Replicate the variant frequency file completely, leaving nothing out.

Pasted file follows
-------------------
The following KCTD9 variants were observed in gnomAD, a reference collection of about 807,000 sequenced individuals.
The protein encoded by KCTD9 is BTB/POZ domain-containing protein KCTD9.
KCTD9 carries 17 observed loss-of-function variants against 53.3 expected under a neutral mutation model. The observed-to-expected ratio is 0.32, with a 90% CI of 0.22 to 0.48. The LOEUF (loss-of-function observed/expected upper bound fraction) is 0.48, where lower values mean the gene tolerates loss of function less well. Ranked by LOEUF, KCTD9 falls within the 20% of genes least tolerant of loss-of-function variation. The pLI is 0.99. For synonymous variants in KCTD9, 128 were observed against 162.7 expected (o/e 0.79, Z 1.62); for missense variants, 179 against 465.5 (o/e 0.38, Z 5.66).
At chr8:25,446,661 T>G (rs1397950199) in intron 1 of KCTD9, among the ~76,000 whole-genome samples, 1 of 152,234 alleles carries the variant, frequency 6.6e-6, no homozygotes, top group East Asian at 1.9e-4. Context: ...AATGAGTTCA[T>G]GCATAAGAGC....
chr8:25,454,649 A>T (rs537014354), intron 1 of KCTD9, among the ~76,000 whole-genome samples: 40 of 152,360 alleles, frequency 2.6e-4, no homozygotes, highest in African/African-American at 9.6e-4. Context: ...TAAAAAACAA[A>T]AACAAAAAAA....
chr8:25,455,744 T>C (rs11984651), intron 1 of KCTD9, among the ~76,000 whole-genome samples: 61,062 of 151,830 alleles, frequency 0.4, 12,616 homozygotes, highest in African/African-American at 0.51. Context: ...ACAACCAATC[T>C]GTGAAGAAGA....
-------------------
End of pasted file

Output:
The following KCTD9 variants were observed in gnomAD, a reference collection of about 807,000 sequenced individuals.
The protein encoded by KCTD9 is BTB/POZ domain-containing protein KCTD9.
KCTD9 carries 17 observed loss-of-function variants against 53.3 expected under a neutral mutation model. The observed-to-expected ratio is 0.32, with a 90% CI of 0.22 to 0.48. The LOEUF (loss-of-function observed/expected upper bound fraction) is 0.48, where lower values mean the gene tolerates loss of function less well. Ranked by LOEUF, KCTD9 falls within the 20% of genes least tolerant of loss-of-function variation. The pLI is 0.99. For synonymous variants in KCTD9, 128 were observed against 162.7 expected (o/e 0.79, Z 1.62); for missense variants, 179 against 465.5 (o/e 0.38, Z 5.66).
At chr8:25,446,661 T>G (rs1397950199) in intron 1 of KCTD9, among the ~76,000 whole-genome samples, 1 of 152,234 alleles carries the variant, frequency 6.6e-6, no homozygotes, top group East Asian at 1.9e-4. Context: ...AATGAGTTCA[T>G]GCATAAGAGC....
chr8:25,454,649 A>T (rs537014354), intron 1 of KCTD9, among the ~76,000 whole-genome samples: 40 of 152,360 alleles, frequency 2.6e-4, no homozygotes, highest in African/African-American at 9.6e-4. Context: ...TAAAAAACAA[A>T]AACAAAAAAA....
chr8:25,455,744 T>C (rs11984651), intron 1 of KCTD9, among the ~76,000 whole-genome samples: 61,062 of 151,830 alleles, frequency 0.4, 12,616 homozygotes, highest in African/African-American at 0.51. Context: ...ACAACCAATC[T>C]GTGAAGAAGA....